If you are unfamiliar with Ten Thousand Villages, they are an organization that specializes in selling fair trade goods made by disadvantaged artisans. The products they sell are made by over 120 different people groups in 38 countries worldwide. Their Wikipedia page has some great info if you wanna learn more about this win-win-win organization.
The location in Peticodiac is special because it is not just a retail store, but also the warehouse that sends goods to all east coast locations. When we arrived, we were shown around, and learned quickly that it was a seriously slick operation. Mostly “pop-up stores” are sent to cities on the east coast, so we saw how they set these up and even helped build and stain some wooden jewelry displays
The people that are in charge of operations are given an apartment above the store and the cabinets needed painting, so we got to it. The work was a little tedious since all handles had to be removed and each section needed to be sanded, but we were happy to do it so someone else wouldn't have to. We also took up an old tile floor that was going to be replaced.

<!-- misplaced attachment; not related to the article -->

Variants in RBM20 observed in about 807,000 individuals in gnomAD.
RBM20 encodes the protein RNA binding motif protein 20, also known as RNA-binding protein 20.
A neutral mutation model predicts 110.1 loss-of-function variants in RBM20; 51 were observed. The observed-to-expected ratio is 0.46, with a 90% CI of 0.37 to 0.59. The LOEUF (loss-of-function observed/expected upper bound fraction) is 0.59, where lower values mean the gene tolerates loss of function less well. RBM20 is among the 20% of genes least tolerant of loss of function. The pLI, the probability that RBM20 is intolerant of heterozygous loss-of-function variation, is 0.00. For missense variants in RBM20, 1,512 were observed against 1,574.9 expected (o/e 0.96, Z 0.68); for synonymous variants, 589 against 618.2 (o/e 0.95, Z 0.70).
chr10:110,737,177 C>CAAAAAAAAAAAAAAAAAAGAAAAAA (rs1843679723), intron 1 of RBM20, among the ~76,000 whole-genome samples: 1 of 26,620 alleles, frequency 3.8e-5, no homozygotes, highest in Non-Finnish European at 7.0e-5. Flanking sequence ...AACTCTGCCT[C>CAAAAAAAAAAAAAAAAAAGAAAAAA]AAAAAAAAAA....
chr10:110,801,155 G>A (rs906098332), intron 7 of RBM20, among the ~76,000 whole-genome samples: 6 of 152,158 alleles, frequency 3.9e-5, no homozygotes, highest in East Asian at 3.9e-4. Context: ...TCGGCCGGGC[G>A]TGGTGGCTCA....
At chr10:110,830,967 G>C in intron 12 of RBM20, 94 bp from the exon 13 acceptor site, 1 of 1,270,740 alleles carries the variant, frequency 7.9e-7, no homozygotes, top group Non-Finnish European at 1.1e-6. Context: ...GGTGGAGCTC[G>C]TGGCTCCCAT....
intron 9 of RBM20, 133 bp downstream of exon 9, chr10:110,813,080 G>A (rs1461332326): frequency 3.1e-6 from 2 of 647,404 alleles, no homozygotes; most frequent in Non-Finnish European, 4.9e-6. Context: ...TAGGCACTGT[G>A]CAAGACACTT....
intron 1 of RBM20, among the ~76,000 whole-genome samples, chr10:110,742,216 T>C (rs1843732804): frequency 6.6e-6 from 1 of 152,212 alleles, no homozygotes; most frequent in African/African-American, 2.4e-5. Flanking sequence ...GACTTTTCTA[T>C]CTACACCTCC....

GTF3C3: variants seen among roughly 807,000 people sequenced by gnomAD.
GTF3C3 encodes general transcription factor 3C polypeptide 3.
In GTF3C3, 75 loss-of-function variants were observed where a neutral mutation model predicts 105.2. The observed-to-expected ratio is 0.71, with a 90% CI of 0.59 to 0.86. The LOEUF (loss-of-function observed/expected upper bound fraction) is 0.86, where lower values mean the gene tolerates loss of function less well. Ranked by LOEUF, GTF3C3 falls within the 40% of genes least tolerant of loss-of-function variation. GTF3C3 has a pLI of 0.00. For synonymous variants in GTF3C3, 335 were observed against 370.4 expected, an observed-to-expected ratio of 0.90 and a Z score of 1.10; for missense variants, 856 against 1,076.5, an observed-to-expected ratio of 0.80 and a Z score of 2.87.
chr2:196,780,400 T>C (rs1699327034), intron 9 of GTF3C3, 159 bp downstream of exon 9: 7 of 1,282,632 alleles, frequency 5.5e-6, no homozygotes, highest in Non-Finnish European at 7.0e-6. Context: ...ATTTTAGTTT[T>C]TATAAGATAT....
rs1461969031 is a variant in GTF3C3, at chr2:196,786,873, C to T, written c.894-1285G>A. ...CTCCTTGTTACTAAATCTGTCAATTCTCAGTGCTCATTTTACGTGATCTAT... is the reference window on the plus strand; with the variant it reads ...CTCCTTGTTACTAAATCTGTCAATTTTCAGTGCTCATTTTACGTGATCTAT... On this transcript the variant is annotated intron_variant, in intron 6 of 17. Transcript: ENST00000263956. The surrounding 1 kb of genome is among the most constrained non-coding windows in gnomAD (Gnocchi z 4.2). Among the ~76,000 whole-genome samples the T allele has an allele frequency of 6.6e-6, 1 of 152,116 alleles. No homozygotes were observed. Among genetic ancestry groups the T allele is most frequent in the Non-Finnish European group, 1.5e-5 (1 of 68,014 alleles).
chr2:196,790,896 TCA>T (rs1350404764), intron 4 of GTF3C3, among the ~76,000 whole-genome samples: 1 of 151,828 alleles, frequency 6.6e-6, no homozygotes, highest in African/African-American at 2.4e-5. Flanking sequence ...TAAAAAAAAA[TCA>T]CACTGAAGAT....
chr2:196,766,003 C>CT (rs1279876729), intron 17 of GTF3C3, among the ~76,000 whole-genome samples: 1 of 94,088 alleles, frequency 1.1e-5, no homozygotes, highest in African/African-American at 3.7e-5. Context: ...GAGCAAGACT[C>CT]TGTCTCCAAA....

The time we spent there there flew by, especially due to the breaks we spent slurping fair trade coffee and chatting with the one worker Sarah.
When we went to lunch at Subway down the street, we passed a house where a man was doing some yard work. On our way back, Dylan and I stopped to see if he needed a hand. Sadly, he was almost done and could have used our help an hour earlier, but, we did help him with the last of the leaves and had a great chat with him. Bob McGrath heats his house with firewood and taught us all about how to stack wood properly. We also chatted about lifes adventures and he now drives tour bus part time in his retirement. We got to meet his wife and daughter and ended up trading a jar of homemade jam for a bottle of homemade wine plus the most delicious cookies that have graced our taste buds in years.